The Most Incredible Places in Arizona (That Aren’t The Grand Canyon)

Half the state looks like it was drawn by Dr. Seuss.

Paria Canyon, Vermillion Cliffs
Paria Canyon, Vermillion Cliffs | Westend61/Getty Images
Paria Canyon, Vermillion Cliffs | Westend61/Getty Images

Just over a decade ago I came to Arizona with low expectations and an exit plan. After all, I was leaving the glorious Pacific Northwest for what I thought was nothing more than a big, desolate desert with little to offer beyond the Grand Canyon and a four-year degree from the biggest party school in the country. 

I’m still here.

Arizona completely shattered my pessimistic expectations. Where once I was a skeptic, now I’m one of those people that explain away the sweltering summer months with phrases like, “It’s just a dry heat.” Because even in the driest, hottest weather, Arizona is an absolute stunner. 

It’s a state where orange-hued slot canyons give the desert a psychedelic vibe, and colorful sandstone formations could trick even the most earthbound explorer into thinking they’ve wandered off to Mars. Here, creative communities with unexpectedly rad food and drink scenes serve as your jumping off point for adventure. Ancient deserts seem painted by unseen artists, waterfalls run both deep-brown and turquoise blue, and campers can drift to sleep beneath an unforgettable heaven of stars.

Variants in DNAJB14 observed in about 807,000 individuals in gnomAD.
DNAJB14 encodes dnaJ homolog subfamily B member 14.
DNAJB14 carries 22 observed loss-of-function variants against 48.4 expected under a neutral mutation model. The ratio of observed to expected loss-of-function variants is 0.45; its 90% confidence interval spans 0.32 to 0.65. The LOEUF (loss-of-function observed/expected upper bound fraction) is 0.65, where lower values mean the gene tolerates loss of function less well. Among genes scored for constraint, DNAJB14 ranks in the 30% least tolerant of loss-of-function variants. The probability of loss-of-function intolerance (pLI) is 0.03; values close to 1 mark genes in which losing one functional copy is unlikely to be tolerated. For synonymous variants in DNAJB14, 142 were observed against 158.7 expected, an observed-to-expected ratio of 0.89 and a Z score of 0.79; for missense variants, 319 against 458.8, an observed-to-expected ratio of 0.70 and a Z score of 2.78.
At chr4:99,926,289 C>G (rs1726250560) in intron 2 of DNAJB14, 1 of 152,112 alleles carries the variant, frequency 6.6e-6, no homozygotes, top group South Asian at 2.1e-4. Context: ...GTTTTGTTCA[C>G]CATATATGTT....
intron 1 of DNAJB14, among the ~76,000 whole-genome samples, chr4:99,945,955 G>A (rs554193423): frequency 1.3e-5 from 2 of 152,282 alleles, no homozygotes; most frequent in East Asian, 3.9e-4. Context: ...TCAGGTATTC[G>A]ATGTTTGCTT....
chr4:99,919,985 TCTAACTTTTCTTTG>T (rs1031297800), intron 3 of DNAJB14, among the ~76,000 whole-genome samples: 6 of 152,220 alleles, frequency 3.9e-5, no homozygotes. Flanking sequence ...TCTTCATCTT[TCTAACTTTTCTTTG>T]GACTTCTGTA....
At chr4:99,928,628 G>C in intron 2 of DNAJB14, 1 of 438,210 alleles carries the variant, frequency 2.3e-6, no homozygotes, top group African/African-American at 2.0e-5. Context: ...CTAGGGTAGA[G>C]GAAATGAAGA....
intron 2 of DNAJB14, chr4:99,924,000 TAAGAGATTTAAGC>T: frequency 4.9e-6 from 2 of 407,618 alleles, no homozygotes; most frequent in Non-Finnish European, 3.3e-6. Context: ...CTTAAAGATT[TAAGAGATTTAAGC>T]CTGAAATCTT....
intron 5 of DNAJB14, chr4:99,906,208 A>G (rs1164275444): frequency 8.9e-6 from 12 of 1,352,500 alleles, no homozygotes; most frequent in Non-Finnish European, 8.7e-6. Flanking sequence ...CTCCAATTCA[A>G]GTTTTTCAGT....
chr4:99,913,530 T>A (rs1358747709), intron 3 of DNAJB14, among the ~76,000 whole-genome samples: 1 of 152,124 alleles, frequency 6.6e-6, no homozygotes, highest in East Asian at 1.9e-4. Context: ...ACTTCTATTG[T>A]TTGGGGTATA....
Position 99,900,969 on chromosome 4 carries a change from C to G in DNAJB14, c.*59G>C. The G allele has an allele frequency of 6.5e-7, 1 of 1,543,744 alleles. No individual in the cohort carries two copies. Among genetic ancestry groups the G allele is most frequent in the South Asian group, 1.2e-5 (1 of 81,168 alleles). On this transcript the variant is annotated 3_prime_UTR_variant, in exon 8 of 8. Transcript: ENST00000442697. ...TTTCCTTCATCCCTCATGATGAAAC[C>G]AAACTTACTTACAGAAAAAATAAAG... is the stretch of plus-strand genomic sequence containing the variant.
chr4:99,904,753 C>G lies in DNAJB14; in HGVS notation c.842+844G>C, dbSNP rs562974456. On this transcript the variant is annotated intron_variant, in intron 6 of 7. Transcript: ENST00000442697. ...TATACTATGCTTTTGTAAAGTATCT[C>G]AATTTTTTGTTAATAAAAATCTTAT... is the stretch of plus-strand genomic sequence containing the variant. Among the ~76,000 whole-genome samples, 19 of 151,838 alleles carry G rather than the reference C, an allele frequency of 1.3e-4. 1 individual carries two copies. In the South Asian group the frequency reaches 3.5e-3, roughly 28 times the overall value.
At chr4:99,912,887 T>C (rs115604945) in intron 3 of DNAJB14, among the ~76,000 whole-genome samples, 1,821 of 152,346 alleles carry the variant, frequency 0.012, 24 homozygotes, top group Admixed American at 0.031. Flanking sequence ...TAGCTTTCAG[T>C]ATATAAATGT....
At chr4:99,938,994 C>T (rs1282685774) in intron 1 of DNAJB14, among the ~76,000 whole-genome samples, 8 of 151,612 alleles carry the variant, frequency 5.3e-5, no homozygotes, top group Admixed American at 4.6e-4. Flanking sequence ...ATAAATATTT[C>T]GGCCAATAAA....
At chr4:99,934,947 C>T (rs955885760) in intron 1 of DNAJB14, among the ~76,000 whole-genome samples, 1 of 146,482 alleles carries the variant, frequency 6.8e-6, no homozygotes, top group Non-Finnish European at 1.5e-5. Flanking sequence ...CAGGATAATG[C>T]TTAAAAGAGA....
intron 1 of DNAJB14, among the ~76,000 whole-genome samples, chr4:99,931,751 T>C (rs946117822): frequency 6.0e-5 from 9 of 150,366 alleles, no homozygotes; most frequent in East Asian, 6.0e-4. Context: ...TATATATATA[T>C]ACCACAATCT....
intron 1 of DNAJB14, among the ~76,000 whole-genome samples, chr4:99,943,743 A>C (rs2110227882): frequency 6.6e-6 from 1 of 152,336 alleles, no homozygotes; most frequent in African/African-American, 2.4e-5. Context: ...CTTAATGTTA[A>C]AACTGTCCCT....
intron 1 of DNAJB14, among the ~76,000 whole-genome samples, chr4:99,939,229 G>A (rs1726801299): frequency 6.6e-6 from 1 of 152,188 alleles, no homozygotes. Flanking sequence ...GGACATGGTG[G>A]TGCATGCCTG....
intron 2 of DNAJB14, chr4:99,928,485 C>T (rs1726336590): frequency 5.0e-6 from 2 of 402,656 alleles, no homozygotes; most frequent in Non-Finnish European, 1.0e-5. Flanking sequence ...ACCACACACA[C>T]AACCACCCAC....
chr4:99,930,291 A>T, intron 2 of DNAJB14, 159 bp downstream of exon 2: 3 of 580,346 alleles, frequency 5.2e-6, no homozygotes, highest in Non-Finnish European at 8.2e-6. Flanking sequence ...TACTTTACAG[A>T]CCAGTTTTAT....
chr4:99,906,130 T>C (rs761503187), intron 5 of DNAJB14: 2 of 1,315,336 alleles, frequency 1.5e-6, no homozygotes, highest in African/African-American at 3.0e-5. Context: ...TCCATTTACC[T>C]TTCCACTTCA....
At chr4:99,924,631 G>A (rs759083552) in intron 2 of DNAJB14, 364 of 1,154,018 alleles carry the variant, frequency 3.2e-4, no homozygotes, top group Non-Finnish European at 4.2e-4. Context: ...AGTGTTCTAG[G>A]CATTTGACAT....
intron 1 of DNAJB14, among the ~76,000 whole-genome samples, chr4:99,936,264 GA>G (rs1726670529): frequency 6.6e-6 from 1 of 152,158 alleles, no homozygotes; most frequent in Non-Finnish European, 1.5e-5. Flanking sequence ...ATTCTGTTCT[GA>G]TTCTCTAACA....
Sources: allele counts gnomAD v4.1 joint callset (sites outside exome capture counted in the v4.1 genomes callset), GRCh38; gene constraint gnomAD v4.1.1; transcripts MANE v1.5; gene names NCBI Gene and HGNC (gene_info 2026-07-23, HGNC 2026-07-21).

That canyon? It is indeed grand. But look beyond it and you’ll discover a state whose beauty all but ensures you’ll want to stay for the long haul.

Wave rock formation in Arizona
Wave rock formation in Arizona | Through the Lens/Moment/Getty

Vermilion Cliffs National Monument

Stretching over 290,000 miles in northern Arizona, this sherbet-hued dreamworld is incredibly scenic. Here you can discover Paria Canyon and Buckskin Gulch, the latter being the longest slot canyon in the world. Adventure seekers can take the path less traveled and conquer the 6.4-mile unmarked hike to The Wave and achieve Instagram glory with an iconic shot from the top of the sandstone formation, which seemingly emerged from a Dr. Seuss drawing. This trip does take some pre-planning; there is a walk-in and lottery system for the 20 permits that the Bureau of Land Management issues each day. Fingers-crossed one of them has your name on it.

Sedona